The more I find out about this accident, the more it bothers me. My thinking on it has shifted as I've read more information on it.
First off, it turns out that the crew was slightly above the maximum altitude for their weight and air temperature. They were at 37,600 lbs, and the air temp was ISA + 9.4d C. The performance charts for 38k and ISA+10 show 40,400 feet as the maximum climb ceiling. Furthermore, at Pinnacle the climb profile called for Mach .70 or 250 kts minimum, whichever is slower (since Mach changes with air temp). As the crew approached FL410, they were at Mach .57 and a mere 180 knots. Given all this, the media's contention that the crew was acting recklessly is looking uncomfortably close to the mark.
In the comments section of my previous post, Glenn mentioned that there seemed to be very little CRM practiced - it was very chaotic, with both pilots trying to do too many things. Mind you, they didn't have a lot of time to burn, and it's easy to say "practice better CRM!" in the comfort of one's own living room. Still - if the dual flameout checklist would've been followed better, the thrust levers would've been moved to shutoff; they apparently remained at idle, which caused fuel to remain flowing to the engines. This, together with continuous ignition being selected to "ON," apparently caused significant melting of the turbine blades in the #2 engine. Thus, the number two engine never could be restarted.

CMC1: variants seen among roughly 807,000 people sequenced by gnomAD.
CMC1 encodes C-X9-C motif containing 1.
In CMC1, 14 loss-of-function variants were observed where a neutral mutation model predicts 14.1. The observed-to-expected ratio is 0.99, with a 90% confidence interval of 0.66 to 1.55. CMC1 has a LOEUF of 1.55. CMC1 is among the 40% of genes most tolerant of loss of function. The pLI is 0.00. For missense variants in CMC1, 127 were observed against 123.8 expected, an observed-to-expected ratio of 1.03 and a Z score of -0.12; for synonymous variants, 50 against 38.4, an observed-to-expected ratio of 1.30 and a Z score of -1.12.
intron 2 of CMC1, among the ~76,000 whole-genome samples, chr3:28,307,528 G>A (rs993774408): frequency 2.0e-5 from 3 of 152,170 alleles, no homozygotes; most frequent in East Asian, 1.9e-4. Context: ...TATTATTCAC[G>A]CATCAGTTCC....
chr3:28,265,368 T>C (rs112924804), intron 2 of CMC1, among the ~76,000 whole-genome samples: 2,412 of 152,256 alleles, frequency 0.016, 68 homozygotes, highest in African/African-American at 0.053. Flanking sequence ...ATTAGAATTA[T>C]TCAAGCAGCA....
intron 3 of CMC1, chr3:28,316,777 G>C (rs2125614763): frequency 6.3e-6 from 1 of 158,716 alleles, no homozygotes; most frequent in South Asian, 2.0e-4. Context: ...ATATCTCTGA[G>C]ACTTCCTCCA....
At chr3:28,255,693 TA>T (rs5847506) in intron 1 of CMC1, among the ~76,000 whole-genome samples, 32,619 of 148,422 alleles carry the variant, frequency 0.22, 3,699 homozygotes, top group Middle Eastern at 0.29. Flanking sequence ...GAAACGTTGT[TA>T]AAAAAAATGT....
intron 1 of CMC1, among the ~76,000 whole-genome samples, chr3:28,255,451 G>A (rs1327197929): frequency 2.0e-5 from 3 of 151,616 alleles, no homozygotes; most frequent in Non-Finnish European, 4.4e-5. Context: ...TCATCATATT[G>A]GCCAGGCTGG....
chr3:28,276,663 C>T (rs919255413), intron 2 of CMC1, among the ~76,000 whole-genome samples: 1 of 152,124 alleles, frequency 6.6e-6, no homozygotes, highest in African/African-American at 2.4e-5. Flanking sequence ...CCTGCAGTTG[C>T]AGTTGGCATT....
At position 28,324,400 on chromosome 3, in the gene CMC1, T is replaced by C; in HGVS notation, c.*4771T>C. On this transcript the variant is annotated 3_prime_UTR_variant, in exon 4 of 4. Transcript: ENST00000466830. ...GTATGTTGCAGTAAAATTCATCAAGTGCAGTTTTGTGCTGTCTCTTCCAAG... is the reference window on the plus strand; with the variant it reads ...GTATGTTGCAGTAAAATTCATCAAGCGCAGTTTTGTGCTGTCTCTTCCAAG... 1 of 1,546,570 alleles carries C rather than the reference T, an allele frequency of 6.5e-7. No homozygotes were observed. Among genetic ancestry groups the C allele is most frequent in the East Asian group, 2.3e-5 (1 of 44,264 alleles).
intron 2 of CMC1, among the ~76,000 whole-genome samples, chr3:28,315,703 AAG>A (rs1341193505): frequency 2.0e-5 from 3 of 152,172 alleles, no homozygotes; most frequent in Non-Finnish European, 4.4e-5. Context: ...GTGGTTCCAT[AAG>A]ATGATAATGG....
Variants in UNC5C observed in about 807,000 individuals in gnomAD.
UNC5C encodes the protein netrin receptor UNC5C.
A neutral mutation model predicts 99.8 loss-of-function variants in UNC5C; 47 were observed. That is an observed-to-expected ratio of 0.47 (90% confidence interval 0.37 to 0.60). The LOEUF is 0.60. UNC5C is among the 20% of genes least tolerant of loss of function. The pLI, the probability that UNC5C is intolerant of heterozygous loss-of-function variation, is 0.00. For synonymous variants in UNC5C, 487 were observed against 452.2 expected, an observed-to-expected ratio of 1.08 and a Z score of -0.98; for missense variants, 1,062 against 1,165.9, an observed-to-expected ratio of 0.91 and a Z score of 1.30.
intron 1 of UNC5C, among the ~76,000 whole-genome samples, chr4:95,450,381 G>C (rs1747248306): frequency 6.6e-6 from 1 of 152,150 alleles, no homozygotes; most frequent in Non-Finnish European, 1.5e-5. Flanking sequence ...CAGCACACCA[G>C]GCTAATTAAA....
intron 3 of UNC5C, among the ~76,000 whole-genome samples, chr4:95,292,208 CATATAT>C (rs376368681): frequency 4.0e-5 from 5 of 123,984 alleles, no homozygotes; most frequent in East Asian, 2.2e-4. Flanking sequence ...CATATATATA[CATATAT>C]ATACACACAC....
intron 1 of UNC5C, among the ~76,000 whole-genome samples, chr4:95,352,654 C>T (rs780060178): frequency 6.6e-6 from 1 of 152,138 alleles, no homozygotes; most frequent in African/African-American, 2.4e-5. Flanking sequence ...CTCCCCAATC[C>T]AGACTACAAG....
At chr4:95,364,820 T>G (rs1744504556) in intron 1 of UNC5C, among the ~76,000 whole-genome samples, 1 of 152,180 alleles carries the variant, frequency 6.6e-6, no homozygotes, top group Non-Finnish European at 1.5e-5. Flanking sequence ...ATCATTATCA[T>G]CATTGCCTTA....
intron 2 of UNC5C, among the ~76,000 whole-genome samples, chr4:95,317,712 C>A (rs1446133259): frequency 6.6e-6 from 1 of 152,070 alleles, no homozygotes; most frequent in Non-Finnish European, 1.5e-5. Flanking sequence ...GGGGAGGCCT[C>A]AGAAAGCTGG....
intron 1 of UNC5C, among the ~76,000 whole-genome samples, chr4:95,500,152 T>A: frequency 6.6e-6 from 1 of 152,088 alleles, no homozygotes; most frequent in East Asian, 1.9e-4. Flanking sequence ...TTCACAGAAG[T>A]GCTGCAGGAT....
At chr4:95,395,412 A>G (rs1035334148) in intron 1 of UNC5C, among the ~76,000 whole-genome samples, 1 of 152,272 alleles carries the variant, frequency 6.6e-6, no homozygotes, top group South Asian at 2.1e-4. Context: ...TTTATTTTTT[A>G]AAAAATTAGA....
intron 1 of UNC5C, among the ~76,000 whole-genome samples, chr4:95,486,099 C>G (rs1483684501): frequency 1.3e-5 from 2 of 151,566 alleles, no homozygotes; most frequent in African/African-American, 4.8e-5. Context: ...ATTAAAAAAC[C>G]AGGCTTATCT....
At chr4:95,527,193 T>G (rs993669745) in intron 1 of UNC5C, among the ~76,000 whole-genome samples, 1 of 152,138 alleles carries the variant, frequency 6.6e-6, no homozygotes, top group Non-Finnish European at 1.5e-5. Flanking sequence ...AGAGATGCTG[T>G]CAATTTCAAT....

Glenn mentioned in his blog that they attemped a windmilling airstart below the recommended speed of 300 kts, causing a hot start. Actually, they started to run that checklist, but discovered that the high pressure turbine (N2) was not windmilling, so they elected to instead try an APU-assisted start at 13,000 feet. As to why the #1 engine would not turn when they attempted the start, General Electric has admitted that the CF34 engine is subsceptible to "core lock" when flamed out at low speed. You can find out more about core lock from ALPA.
Many of the recent airline accidents are completely unforseen things - such as TWA800's fuel tank explosion or the stabilizer jackscrew snapping on Alaska 261. For this accident to happen, then, when we have 50 years of experience with high altitude jet flying, is pretty freaking senseless. Did nobody teach the young captain about these things? Many Pinnacle pilots have decried their company's poor training department and their practice of hiring very low-time applicants. Of course, they're not going to attract a lot of high-quality applicants with some of the lowest pay in the industry.
I'm a political conservative. Still, if free-market competition among the regionals results in a body count, I don't see what alternative the government will have to re-regulating the industry.